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Was Leni Riefenstahl's Triumph of the Will Propaganda, or was it purely a representational recording of the Nuremberg Rally in 1934?

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Was Leni Riefenstahl's Triumph of the Will Propaganda, or was it purely a representational recording of the Nuremberg Rally in 1934? I am going to discuss whether Leni Riefenstahl's Triumph of the Will (1934) was propaganda, or a representational recording of an event. Riefenstahl was considered "an intricate part of the Third Reich's propaganda machine1", yet she claimed that: "If you see this film again today you ascertain that it doesn't contain a single reconstructed scene. Everything in it is true. And it contains no tendentious commentary at all. It is history. A pure historical film... it is film-v�rit�. It reflects the truth that was then in 1934, history. It is therefore a documentary2" It is clear that there are two very different parts to this story, with general consensus being that Hitler wanted it to be propaganda, and with his influence on Riefenstahl he could get what he wanted, but with Riefenstahl's wish that there would be no political agenda, she insisted that she created it to be a record of the events at the rally. Riefenstahl had been making films for 10 years, and Hitler approached her to make an artistic film about the Nuremberg Rally, after he had been impressed by her previous work, which included Victory of Faith (1933), a short film about the 1933 Nuremberg rally. ...read more.


This scene is a startling metaphor for God coming from the sky, and this glorifies Hitler as some sort of god. Although this was a true event, the way the film is cut with the music gives the viewer the opportunity to create their own image of Hitler and his significance. Although not obvious propaganda, the viewer is given the opportunity to create an image of Hitler, which makes the film becomes objective because the viewer is being made to feel a certain way about Hitler. "Our sense of perspective and reality is lost in the views, the music and the steady regal pace of the moving plane9" In reality, Hitler was just arriving at the rally site, but on film, it is being made to appear that he was some sort of god. It is undeniable that this was done in a way to glorify Hitler; therefore it is propaganda because it influences people to think in a certain way. Although Riefenstahl claimed that her film didn't contain a single reconstructed scene, the film is set up in a way that builds up through the use of music and repetitive marching in time, to a finale where Hitler addresses the masses. ...read more.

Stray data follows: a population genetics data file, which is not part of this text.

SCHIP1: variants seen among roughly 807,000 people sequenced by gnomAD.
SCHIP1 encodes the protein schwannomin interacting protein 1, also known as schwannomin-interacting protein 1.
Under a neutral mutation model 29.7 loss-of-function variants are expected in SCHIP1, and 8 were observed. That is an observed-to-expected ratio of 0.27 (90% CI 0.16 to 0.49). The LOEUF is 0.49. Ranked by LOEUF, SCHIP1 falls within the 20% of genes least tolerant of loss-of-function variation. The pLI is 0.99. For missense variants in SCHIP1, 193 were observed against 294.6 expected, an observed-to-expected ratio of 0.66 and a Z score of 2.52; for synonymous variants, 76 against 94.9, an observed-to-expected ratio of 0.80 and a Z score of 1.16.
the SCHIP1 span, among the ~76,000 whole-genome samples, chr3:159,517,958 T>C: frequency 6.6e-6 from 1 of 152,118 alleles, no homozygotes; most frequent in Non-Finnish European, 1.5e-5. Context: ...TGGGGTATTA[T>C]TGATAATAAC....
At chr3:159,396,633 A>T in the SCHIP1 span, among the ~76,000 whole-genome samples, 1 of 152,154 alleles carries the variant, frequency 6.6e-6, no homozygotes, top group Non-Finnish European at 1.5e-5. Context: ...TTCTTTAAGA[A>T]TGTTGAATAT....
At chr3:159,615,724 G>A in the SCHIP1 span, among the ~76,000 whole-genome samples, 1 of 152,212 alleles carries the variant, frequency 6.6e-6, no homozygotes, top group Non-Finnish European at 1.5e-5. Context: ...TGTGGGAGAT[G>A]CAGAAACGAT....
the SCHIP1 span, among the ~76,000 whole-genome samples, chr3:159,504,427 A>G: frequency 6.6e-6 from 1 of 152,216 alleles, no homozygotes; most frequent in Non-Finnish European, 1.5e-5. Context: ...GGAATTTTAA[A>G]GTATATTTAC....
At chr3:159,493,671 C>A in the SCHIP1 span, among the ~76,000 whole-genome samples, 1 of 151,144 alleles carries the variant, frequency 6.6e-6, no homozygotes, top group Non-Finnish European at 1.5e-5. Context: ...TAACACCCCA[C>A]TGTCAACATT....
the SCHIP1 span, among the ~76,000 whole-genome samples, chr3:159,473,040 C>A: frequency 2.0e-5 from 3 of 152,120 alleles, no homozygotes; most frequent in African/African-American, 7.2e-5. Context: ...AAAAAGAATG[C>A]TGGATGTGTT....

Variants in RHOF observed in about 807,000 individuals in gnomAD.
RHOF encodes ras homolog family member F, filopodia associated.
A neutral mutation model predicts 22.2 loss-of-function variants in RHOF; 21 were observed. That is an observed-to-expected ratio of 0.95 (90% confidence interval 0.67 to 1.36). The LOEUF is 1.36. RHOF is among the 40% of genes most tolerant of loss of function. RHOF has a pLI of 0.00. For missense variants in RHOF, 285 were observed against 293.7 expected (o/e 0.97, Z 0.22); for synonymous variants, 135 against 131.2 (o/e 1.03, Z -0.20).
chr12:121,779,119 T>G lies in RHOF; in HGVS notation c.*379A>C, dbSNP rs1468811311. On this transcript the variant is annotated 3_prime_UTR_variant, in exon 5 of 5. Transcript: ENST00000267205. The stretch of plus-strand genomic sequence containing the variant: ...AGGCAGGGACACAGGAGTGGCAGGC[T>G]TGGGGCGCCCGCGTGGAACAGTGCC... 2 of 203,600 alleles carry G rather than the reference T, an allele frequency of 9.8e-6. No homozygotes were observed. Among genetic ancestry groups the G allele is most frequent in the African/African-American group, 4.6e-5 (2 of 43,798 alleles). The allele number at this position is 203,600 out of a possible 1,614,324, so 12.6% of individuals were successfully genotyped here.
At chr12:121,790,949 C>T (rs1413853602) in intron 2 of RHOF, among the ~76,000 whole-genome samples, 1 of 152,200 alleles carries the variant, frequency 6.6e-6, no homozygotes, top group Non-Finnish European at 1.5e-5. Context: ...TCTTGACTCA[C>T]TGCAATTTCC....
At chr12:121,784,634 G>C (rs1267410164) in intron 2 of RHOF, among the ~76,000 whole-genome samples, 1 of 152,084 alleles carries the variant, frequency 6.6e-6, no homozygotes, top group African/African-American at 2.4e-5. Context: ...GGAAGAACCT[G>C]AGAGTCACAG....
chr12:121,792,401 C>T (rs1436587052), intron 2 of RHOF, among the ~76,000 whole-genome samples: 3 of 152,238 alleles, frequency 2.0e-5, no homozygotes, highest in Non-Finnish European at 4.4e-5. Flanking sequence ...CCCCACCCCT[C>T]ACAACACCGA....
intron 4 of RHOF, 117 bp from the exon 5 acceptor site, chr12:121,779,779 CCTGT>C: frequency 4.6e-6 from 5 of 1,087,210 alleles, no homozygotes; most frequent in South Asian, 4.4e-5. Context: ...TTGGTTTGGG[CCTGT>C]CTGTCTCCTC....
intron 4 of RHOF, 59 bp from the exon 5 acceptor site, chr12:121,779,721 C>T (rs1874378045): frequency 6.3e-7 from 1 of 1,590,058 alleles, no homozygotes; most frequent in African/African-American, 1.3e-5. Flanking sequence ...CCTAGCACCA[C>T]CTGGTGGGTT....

"I am completely unfamiliar with all the subject matter. I can't even tell the SA from the SS... ...How am I supposed to know what is politically important or unimportant, what should or shouldn't be shown? If my ignorance makes me leave out some personality or other, I'll make a lot of mistakes11" The fact she had little or no knowledge of the Nazi party's politics, meant she could have had no agenda when cutting the film. She simply wanted to make an artistic film which was visually stunning. Hitler's insistence that Riefenstahl made the film led to her making a film which was artistic and visually stunning, but also glorified the Nazi party. Whether Riefenstahl intended this or not is up for debate, but the truth is that her film was an incredibly influential piece which glorifies a regime that bought terror to the lives of many people. After looking at all the evidence, I believe that Triumph of the Will was not a film that Riefenstahl intended to be Propaganda, but has been interpreted as Propaganda. The Nazi's were masters of Propaganda, and Riefenstahl's influences will most probably have been propaganda. There is no doubt that it is a true recording of an event, but it is also very powerful, and could easily have influenced Germans to support the Nazi party, thus making it propaganda in some way. ...read more.

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